What could have been a catastrophic loss for millions of Americans became a much more contained attack on the law.
Neither one of these deals should be understood as unqualified victories for liberals. Though the Court’s second Fisher decision didn’t invalidate affirmative action altogether, it placed a very high burden on universities that wish to consider race in their admissions policies — a high enough burden that many universities are likely to decide that it’s not worth the expense. Similarly, while NFIB did not gut the Affordable Care Act, it took a significant bite out of it. As of 2020, an estimated 2.3 million people do not have health coverage because of Roberts’s decision to let states opt out of the law’s Medicaid expansion.
But both cases did far less harm, from Breyer’s perspective, than they could have.
With Breyer gone, it will fall to Kagan — and, perhaps, to Sotomayor and to Breyer’s successor — to try to find ways to restrain the Court’s new 6-3 conservative majority. And it’s hardly certain that such a thing is even possible. Kennedy is no longer on the Court. And now that there are five justices to Roberts’s right, it’s not clear his vote will matter very much in the most politically charged cases.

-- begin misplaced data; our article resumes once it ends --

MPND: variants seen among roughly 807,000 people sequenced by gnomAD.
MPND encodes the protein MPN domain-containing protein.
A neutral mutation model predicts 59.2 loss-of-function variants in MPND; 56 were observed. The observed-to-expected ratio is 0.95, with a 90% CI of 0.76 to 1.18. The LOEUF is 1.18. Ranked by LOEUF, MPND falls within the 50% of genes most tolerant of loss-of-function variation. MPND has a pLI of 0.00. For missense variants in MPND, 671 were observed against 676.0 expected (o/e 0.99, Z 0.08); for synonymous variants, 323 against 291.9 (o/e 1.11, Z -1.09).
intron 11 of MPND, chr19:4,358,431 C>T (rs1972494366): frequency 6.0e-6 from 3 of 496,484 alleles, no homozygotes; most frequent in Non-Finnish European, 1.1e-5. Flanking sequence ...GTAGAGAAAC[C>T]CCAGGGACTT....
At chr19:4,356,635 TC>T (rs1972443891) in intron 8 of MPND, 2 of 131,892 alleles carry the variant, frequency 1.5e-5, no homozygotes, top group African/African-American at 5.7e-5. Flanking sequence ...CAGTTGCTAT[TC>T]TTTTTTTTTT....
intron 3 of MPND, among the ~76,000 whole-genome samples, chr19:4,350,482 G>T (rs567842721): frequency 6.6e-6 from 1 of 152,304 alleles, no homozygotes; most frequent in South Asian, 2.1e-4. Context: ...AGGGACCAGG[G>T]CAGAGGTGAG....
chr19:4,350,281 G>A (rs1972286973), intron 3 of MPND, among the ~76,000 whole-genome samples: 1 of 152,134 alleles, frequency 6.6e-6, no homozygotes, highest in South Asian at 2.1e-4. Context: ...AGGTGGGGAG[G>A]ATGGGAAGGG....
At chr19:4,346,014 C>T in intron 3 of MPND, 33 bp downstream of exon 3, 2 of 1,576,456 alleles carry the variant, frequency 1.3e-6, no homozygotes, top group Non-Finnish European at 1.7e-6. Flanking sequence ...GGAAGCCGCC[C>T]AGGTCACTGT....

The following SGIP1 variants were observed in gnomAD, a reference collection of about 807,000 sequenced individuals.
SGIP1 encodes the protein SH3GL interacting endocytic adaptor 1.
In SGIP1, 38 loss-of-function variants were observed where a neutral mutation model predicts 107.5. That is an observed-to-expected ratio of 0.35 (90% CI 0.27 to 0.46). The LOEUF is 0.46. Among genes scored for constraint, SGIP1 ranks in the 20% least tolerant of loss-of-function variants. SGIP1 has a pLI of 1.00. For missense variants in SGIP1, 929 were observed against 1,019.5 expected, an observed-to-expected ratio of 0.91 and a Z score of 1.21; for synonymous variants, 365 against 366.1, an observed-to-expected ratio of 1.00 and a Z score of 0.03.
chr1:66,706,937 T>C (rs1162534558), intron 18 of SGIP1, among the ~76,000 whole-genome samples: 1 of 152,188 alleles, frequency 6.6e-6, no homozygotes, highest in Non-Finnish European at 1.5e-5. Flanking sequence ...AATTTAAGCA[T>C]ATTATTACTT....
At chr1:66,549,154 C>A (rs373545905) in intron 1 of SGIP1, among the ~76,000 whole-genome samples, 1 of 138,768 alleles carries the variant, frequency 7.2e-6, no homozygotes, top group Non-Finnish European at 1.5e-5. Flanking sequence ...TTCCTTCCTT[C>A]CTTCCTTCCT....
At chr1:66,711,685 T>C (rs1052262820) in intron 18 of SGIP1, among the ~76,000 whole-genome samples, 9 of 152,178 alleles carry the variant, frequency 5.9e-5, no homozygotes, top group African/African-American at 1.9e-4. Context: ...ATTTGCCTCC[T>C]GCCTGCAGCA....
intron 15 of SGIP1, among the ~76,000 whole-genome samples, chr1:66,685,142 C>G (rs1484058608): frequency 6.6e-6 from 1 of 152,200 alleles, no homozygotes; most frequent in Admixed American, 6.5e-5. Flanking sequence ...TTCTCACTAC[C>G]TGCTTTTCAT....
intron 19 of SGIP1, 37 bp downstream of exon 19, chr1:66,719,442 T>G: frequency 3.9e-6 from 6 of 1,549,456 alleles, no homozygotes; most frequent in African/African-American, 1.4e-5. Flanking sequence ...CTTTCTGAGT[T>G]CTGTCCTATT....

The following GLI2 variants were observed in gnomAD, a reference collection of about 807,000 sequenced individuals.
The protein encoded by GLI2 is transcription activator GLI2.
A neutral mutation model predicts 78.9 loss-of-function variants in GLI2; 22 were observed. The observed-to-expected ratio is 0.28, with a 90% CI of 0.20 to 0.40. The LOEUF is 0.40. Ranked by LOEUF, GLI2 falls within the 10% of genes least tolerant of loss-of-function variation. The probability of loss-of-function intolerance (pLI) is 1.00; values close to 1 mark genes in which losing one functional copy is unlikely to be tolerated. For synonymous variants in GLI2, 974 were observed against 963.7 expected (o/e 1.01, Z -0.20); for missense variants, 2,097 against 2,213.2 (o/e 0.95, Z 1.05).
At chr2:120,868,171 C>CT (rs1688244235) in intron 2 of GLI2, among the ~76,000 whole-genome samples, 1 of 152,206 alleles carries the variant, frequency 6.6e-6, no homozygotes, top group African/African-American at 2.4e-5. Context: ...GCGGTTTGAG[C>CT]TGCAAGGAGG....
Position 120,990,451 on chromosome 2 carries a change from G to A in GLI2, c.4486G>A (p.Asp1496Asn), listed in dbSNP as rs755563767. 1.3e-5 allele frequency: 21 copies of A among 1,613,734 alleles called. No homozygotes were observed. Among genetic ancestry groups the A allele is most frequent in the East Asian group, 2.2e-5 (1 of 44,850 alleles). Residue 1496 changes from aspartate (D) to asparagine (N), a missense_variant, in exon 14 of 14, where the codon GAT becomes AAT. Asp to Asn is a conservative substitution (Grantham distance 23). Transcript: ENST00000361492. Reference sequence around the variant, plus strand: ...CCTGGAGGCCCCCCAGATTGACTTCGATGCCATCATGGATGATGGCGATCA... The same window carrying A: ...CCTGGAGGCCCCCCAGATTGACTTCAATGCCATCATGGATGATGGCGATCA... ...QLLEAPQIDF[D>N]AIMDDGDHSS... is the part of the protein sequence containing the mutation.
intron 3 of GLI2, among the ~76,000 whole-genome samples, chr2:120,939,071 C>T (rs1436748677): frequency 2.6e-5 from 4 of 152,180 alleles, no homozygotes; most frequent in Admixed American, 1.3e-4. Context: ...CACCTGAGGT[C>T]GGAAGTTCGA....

Breyer wasn’t afraid to admit that judging is hard
One reason compromise is hard to find on the current Court is that many of the justices adhere to a philosophy that inherently makes concessions difficult.
In conservative circles, a theory known as “originalism” is very much in fashion. Originalism, in Barrett’s words, is the belief that “constitutional text means what it did at the time it was ratified and that this original public meaning is authoritative.”